10 New Albums to Stream Today

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10 New Albums to Stream Today

It’s been over a month in quarantine, which means we’ve been screaming into the void since then. If you need some new music to scream along to, we’ve got you covered. This week brings new releases from Americana giant Lucinda Willliams, retro pop singer/songwriter Hazel English, Yuck guitarist Max Bloom, experimental jazz group Onyx Collective and so much more. Scroll down to sample 10 essential new releases, out today.

altopalo: farawayfromeveryoneyouknow

Experimental New York quartet altopalo are flipping guitar-driven music on its head. With their sophomore album farawayfromeveryoneyouknow, a follow-up to 2018’s frozenthere, they blend electro-pop, jazz, R&B and rock, resulting in a heady hi-fi record with twists at every turn. —Lizzie Manno

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Hazel English: Wake UP!

Straw-man time: If it’s hard to make a truly bad dream-pop album, it’s equally tricky to make a really good one, and for identical reasons. The essential ingredients are the same in either case. You need reverb, introspection and hazy melodies that evoke ’60s pop. How you fit them together is what makes all the difference. Australian-born Los Angeles transplant Hazel English puts those elements to use in service of 10 songs that glide by comfortably on her full-length debut, Wake UP!. It’s a respectable enough effort, full of chiming guitars and sleek vocals as English delivers lyrics that parse feelings of isolation and explore power dynamics from romantic relationships to capitalism. —Eric R. Danton

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Hotel Lux: Barstool Preaching

London-via-Portsmouth band Hotel Lux have shared their debut EP Barstool Preaching, following a handful of singles over the years like “The Last Hangman,” “Berlin Wall” and “English Disease.” The five-track release spans slow-crawling, introspective rock (“Charades”), self-aware post-punk (“Loneliness of the Stage Performer”) and even jubilant organ-led guitar-pop (“Ballad of You & I”). “The songs are more introspective lyrically than we’ve been in the past, more personal as opposed to stories so the EP has an air of vulnerability to it—to us at least,” frontman Lewis Duffin says. —Lizzie Manno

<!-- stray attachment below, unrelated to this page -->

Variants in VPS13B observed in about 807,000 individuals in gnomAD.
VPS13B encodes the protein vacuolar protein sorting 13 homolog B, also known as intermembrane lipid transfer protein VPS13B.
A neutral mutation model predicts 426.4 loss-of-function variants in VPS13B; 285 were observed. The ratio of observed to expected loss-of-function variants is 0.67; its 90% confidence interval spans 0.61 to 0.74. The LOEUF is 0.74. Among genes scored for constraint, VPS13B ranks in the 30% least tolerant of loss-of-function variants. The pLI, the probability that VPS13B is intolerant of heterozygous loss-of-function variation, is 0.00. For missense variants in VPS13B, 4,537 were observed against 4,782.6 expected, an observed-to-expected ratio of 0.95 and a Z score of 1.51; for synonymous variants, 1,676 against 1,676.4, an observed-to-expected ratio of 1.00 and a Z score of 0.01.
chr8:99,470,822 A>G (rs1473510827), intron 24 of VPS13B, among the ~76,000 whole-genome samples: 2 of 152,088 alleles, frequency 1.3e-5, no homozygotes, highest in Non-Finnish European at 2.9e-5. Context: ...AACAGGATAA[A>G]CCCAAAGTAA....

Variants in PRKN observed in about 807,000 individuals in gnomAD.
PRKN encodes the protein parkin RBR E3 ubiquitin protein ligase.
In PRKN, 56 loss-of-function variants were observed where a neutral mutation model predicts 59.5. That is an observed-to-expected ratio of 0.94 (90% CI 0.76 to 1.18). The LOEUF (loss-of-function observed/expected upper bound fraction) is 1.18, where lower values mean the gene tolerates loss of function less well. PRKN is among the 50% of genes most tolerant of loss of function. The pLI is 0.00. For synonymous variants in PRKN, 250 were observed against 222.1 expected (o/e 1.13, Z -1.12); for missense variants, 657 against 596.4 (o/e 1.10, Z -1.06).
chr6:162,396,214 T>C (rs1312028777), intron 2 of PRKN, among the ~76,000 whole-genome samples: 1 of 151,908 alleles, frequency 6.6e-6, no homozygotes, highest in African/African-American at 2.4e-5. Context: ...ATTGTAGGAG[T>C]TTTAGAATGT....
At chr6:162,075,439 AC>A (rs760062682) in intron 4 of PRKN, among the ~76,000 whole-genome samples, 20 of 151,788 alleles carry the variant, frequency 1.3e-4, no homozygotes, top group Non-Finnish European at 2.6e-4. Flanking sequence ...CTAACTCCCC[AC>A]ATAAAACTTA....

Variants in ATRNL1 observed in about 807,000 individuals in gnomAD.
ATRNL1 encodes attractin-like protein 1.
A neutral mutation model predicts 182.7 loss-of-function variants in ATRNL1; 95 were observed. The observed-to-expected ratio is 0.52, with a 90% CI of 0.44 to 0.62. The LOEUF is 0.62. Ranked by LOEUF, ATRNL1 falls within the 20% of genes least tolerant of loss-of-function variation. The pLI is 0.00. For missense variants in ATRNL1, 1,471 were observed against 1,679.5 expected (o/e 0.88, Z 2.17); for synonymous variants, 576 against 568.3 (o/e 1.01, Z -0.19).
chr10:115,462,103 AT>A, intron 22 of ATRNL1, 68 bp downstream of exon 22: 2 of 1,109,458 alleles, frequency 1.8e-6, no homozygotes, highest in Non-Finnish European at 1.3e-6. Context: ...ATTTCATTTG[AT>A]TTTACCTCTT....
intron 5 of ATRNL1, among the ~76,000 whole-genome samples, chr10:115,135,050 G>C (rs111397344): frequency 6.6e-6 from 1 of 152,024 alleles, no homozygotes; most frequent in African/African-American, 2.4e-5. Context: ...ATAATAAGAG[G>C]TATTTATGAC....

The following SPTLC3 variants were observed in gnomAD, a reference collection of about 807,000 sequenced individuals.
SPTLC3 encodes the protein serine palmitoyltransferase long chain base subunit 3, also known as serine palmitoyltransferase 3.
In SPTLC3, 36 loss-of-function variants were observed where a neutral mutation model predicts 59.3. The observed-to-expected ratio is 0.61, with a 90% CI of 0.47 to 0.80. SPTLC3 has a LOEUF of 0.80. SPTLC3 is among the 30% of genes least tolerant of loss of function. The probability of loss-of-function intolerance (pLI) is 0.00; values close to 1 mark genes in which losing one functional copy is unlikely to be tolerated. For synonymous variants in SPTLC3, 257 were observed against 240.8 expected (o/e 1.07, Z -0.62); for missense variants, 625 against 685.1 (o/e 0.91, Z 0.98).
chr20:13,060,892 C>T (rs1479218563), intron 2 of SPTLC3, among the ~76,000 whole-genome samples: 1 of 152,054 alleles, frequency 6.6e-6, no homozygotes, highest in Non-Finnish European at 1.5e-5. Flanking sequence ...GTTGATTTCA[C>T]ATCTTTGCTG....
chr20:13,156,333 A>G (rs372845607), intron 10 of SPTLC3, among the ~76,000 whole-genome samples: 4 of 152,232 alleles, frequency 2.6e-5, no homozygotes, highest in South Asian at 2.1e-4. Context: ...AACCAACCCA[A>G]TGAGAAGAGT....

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Kali Uchis: To Feel Alive

Following her 2018 album Isolation, which Paste named one of the best pop albums of that year, Kali Uchis has shared a new four-track EP called To Feel Alive. The Colombian-American R&B-pop singer tweeted about the release: “it will be a 4 song ep i made in a couple days, during quarantine. recorded all of it alone, in my room, bcoz i won’t roll out my real album right now, but wanna give my babies something. nobody needs to listen to it, & i don’t want ANYONE to buy it. thank u.” —Lizzie Manno

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King Gizzard and the Lizard Wizard: Chunky Shrapnel

Last week, Australian psychedelic-prog outfit King Gizzard & The Lizard shared a feature-length documentary featuring performances from their 2019 U.K. and European tour, and today, they’ve shared its accompanying live album. The physical album is available on May 29. The film will be screening for a second time on Vimeo for a 24-hour period from April 24 at 6 p.m. to April 25 at 6 p.m. ET. Visit their website to view screening times for various cities around the world. —Lizzie Manno

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Lucinda Williams: Good Souls Better Angels